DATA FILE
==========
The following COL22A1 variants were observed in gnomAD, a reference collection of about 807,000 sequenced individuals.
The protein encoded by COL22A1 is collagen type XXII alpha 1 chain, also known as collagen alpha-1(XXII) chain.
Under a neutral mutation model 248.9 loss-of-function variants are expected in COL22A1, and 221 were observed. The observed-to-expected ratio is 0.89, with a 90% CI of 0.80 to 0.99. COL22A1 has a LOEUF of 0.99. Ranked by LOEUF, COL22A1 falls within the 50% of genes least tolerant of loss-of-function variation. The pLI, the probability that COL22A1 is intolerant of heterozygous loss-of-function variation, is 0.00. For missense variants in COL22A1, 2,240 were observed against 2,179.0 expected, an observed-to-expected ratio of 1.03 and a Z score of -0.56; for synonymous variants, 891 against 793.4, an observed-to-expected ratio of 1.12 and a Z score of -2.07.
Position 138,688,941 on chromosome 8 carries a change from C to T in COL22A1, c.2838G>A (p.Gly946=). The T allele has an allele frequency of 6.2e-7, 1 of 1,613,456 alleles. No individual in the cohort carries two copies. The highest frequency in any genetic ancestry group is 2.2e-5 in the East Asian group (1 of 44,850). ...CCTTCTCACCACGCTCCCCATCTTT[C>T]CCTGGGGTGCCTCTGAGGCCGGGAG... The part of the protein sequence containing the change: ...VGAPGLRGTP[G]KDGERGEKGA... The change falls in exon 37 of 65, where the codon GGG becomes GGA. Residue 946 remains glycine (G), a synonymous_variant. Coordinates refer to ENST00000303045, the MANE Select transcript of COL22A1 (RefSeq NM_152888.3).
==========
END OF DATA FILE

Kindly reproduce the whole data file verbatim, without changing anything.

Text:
The following COL22A1 variants were observed in gnomAD, a reference collection of about 807,000 sequenced individuals.
The protein encoded by COL22A1 is collagen type XXII alpha 1 chain, also known as collagen alpha-1(XXII) chain.
Under a neutral mutation model 248.9 loss-of-function variants are expected in COL22A1, and 221 were observed. The observed-to-expected ratio is 0.89, with a 90% CI of 0.80 to 0.99. COL22A1 has a LOEUF of 0.99. Ranked by LOEUF, COL22A1 falls within the 50% of genes least tolerant of loss-of-function variation. The pLI, the probability that COL22A1 is intolerant of heterozygous loss-of-function variation, is 0.00. For missense variants in COL22A1, 2,240 were observed against 2,179.0 expected, an observed-to-expected ratio of 1.03 and a Z score of -0.56; for synonymous variants, 891 against 793.4, an observed-to-expected ratio of 1.12 and a Z score of -2.07.
Position 138,688,941 on chromosome 8 carries a change from C to T in COL22A1, c.2838G>A (p.Gly946=). The T allele has an allele frequency of 6.2e-7, 1 of 1,613,456 alleles. No individual in the cohort carries two copies. The highest frequency in any genetic ancestry group is 2.2e-5 in the East Asian group (1 of 44,850). ...CCTTCTCACCACGCTCCCCATCTTT[C>T]CCTGGGGTGCCTCTGAGGCCGGGAG... The part of the protein sequence containing the change: ...VGAPGLRGTP[G]KDGERGEKGA... The change falls in exon 37 of 65, where the codon GGG becomes GGA. Residue 946 remains glycine (G), a synonymous_variant. Coordinates refer to ENST00000303045, the MANE Select transcript of COL22A1 (RefSeq NM_152888.3).